Amtrak suspends some long haul routes ahead of potential freight rail strike



Amtrak announced Monday that it is preemptively suspending service on some of its long range routes, mostly out of Chicago, due to a looming freight rail strike.

“Amtrak is closely monitoring the ongoing freight rail – rail labor contract negotiations. The negotiations do not involve Amtrak or the Amtrak workforce. While we are hopeful that parties will reach a resolution, Amtrak has now begun phased adjustments to our service in preparation for a possible freight rail service interruption later this week,” Amtrak said in a statement.

Among the routes being suspended are long distance routes from Chicago to Los Angeles, Chicago to Seattle, Chicago to San Francisco and a portion of one of its routes that runs from Los Angeles to San Antonio.

Amtrak calls these “initial adjustments” and says it “could be followed by impacts to all Long Distance and most State-Supported routes.”

The labor dispute that could lead to the first national railroad strike in 30 years could begin as soon as this Friday. About 60,000 union members who work for the railroad are set to go on strike, including the engineers and conductors who make up the two-person crews on each train. Even though 45,000 other union members belong to unions that have reached tentative deals with the railroads, a strike by engineers and conductors would bring the freight rail system, which carries nearly 30% of the nation’s freight, to a grinding halt.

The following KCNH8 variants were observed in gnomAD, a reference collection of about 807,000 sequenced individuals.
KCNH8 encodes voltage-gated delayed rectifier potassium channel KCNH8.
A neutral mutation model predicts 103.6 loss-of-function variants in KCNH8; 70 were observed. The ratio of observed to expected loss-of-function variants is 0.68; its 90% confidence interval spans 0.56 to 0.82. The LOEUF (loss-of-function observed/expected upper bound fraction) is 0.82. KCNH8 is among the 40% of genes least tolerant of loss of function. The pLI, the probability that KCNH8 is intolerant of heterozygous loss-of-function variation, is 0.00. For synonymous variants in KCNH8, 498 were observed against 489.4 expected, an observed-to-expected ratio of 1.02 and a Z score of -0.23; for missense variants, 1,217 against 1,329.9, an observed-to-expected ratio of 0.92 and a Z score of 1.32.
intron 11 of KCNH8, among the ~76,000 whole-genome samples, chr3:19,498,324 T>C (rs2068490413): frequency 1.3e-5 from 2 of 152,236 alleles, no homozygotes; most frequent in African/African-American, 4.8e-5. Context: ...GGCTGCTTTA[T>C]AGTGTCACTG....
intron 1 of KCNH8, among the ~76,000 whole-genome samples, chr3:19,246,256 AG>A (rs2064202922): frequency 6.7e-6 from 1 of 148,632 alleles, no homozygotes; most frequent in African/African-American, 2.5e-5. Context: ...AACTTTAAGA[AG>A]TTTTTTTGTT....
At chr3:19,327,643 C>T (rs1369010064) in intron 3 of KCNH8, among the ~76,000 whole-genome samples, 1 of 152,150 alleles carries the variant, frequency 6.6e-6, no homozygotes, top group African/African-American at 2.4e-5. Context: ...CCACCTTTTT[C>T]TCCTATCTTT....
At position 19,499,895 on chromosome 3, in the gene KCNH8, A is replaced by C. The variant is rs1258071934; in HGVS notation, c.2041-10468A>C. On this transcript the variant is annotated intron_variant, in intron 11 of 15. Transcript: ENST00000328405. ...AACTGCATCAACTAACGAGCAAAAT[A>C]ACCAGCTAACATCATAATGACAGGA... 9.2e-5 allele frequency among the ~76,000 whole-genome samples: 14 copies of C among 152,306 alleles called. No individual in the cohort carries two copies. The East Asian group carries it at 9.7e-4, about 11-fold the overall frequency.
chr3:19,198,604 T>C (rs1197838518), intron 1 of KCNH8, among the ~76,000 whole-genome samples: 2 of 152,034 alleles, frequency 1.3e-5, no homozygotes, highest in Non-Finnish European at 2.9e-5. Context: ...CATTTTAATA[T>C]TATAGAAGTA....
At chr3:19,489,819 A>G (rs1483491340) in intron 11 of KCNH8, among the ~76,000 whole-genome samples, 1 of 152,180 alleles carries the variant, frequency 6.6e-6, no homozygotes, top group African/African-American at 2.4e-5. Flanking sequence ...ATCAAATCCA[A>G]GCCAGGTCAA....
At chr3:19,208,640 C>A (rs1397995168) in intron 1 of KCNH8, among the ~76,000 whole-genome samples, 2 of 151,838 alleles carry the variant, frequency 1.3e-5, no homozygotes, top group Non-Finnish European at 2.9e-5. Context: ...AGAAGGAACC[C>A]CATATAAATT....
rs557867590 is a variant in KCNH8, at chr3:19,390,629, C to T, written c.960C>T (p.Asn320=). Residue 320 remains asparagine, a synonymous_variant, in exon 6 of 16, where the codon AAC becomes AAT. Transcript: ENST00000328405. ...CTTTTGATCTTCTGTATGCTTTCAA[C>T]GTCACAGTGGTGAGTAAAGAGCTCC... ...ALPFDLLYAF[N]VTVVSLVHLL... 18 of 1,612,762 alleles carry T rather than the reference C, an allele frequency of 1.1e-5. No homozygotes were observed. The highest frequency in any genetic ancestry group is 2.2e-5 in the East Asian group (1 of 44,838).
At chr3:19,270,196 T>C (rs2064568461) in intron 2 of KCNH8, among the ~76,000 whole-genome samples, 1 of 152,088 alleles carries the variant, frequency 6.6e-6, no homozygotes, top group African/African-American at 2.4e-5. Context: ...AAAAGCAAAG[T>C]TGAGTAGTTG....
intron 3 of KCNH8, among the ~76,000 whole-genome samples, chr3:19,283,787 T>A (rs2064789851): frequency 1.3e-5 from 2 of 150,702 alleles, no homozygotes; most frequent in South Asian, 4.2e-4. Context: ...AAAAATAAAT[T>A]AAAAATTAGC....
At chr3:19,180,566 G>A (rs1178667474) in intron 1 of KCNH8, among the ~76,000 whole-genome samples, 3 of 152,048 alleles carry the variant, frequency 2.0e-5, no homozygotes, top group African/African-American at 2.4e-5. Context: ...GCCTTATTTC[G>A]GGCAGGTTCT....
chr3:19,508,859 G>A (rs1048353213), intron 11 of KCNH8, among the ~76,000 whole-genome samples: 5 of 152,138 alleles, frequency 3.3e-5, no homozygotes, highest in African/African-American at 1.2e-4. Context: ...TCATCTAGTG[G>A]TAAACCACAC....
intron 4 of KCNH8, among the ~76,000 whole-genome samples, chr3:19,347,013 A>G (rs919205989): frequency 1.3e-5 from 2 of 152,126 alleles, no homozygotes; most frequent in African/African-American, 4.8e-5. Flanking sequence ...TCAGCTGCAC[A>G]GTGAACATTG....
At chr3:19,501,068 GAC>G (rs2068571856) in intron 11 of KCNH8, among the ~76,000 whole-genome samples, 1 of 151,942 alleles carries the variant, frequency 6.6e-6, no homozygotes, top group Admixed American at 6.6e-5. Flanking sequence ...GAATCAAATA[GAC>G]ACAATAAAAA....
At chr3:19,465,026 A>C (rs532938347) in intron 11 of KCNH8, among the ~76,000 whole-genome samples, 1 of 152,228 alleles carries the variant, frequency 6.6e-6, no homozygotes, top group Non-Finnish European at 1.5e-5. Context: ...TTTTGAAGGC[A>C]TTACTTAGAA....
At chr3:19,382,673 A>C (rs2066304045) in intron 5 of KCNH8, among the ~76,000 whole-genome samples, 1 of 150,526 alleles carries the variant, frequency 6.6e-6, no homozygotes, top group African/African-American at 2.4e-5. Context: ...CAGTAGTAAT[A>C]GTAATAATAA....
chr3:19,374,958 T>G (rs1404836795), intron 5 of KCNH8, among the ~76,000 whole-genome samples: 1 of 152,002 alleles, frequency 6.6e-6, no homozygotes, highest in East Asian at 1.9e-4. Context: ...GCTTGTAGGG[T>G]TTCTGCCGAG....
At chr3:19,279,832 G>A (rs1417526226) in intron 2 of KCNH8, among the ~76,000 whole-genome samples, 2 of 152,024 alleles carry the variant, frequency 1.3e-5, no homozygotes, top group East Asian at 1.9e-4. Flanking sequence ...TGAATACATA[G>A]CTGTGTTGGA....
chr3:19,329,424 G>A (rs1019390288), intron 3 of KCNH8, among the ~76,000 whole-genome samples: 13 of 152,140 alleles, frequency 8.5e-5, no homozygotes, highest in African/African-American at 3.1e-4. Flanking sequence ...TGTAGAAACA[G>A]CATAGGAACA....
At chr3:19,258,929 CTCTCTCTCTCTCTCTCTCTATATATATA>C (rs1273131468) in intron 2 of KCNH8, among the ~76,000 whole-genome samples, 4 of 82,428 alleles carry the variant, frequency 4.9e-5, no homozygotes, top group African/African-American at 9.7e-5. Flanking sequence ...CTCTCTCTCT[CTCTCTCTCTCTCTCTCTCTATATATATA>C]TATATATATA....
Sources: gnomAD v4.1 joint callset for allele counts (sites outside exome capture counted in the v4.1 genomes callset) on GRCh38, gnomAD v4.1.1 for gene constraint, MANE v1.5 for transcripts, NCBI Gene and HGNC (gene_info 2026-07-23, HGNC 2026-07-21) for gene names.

Amtrak says a strike would “significantly impact” 21,000 route miles that it operates outside of the northeast. In the northeast, where Amtrak owns the tracks, the impacts would be more minimal. Its high-speed Acela service, for instance, would not be impacted, but it says a “small number” of its Northeast Regional departures would be.

Amtrak owns and maintain about 700 miles of track, primarily in the Northeast Corridor from Boston to Washington. But virtually all the remaining 97% of Amtrak’s nearly 22,000-mile system is on tracks owned and maintained by freight railroads, according to the Association of American Railroads.

CNN’s Vanessa Yurkevich contributed.

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